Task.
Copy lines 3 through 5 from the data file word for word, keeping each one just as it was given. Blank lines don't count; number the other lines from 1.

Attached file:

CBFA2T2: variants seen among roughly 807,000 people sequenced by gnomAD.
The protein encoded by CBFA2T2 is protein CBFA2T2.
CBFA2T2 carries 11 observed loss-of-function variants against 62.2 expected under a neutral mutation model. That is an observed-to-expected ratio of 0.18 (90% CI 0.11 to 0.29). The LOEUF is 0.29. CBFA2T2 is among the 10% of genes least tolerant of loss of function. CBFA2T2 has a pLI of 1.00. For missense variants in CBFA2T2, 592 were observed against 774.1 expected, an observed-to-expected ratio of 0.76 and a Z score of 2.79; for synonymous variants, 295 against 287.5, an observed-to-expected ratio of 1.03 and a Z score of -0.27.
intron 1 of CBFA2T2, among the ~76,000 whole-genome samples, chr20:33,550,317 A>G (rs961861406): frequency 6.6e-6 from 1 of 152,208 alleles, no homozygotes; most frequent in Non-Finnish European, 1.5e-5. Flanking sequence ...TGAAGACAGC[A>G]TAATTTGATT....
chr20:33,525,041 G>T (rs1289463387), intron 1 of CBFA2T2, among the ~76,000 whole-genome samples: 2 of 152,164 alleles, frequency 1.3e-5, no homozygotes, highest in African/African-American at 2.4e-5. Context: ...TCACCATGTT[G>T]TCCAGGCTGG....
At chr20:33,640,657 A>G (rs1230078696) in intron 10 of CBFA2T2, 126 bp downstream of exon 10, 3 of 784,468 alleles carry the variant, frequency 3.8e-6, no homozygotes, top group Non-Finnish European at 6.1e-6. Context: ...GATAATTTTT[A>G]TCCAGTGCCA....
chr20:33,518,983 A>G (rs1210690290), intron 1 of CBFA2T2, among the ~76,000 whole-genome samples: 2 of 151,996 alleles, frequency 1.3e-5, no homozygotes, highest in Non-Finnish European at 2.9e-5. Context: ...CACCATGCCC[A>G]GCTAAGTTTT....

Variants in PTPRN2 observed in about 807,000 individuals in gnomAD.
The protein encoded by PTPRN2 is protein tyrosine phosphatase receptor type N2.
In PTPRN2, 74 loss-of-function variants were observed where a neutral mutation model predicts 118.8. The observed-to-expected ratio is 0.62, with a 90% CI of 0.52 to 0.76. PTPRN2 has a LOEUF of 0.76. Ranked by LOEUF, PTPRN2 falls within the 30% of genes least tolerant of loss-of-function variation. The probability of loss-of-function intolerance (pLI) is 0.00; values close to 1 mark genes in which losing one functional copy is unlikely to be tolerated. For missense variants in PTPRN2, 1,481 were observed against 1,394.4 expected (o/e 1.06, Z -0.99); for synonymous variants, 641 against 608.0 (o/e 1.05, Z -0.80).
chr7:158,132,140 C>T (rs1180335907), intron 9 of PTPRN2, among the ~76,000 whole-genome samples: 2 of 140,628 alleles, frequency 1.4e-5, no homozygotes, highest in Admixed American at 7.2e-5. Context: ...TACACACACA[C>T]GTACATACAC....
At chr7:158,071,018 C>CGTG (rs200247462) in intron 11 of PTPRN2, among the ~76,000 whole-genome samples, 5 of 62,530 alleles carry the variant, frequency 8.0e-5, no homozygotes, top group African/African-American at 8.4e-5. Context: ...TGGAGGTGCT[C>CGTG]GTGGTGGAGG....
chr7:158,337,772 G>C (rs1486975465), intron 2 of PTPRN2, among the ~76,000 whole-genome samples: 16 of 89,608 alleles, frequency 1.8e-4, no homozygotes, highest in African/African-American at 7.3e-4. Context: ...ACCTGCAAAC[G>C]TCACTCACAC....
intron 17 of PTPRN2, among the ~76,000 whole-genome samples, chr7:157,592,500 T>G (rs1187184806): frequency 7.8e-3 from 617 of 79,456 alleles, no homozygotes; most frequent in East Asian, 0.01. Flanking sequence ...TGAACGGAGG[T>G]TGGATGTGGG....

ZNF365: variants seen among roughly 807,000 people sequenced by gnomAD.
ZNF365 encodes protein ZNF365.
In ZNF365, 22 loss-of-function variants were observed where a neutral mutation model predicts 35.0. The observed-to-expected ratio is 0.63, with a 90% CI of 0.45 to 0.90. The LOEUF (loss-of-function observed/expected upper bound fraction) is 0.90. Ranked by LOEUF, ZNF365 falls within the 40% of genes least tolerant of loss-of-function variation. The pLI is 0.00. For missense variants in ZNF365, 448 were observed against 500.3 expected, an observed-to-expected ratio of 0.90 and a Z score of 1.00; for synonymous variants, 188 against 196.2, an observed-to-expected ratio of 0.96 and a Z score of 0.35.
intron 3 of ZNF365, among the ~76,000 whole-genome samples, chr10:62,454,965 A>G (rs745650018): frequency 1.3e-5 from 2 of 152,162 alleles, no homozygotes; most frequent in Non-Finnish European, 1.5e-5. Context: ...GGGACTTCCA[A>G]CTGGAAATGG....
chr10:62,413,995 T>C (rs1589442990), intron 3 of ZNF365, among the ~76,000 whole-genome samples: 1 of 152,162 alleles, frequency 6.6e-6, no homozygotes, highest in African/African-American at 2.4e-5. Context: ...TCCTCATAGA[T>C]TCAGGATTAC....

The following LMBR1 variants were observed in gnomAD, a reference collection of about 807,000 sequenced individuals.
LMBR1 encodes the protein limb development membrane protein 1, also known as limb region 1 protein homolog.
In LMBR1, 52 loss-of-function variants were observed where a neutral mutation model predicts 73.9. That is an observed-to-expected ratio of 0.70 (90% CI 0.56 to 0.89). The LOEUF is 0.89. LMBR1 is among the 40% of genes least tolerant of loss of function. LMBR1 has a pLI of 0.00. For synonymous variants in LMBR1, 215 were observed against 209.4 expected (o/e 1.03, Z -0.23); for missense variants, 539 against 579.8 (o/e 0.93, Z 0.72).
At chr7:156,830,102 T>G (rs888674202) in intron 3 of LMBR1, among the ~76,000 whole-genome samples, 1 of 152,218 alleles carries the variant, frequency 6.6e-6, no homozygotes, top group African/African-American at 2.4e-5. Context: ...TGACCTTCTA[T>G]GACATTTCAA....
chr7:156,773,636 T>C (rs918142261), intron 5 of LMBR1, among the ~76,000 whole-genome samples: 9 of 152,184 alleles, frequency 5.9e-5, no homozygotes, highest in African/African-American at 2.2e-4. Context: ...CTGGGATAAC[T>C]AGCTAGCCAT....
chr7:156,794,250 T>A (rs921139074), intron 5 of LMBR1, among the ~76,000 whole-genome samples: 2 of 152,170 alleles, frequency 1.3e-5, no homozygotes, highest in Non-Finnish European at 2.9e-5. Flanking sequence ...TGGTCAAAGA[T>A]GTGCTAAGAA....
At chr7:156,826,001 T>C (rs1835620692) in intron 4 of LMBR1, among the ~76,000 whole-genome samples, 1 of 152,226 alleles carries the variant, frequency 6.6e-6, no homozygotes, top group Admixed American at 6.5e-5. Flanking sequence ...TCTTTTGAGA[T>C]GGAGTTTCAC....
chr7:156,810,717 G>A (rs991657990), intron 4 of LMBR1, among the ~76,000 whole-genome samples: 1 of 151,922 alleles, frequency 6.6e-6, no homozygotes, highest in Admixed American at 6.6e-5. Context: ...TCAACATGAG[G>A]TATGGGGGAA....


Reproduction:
CBFA2T2 carries 11 observed loss-of-function variants against 62.2 expected under a neutral mutation model. That is an observed-to-expected ratio of 0.18 (90% CI 0.11 to 0.29). The LOEUF is 0.29. CBFA2T2 is among the 10% of genes least tolerant of loss of function. CBFA2T2 has a pLI of 1.00. For missense variants in CBFA2T2, 592 were observed against 774.1 expected, an observed-to-expected ratio of 0.76 and a Z score of 2.79; for synonymous variants, 295 against 287.5, an observed-to-expected ratio of 1.03 and a Z score of -0.27.
intron 1 of CBFA2T2, among the ~76,000 whole-genome samples, chr20:33,550,317 A>G (rs961861406): frequency 6.6e-6 from 1 of 152,208 alleles, no homozygotes; most frequent in Non-Finnish European, 1.5e-5. Flanking sequence ...TGAAGACAGC[A>G]TAATTTGATT....
chr20:33,525,041 G>T (rs1289463387), intron 1 of CBFA2T2, among the ~76,000 whole-genome samples: 2 of 152,164 alleles, frequency 1.3e-5, no homozygotes, highest in African/African-American at 2.4e-5. Context: ...TCACCATGTT[G>T]TCCAGGCTGG....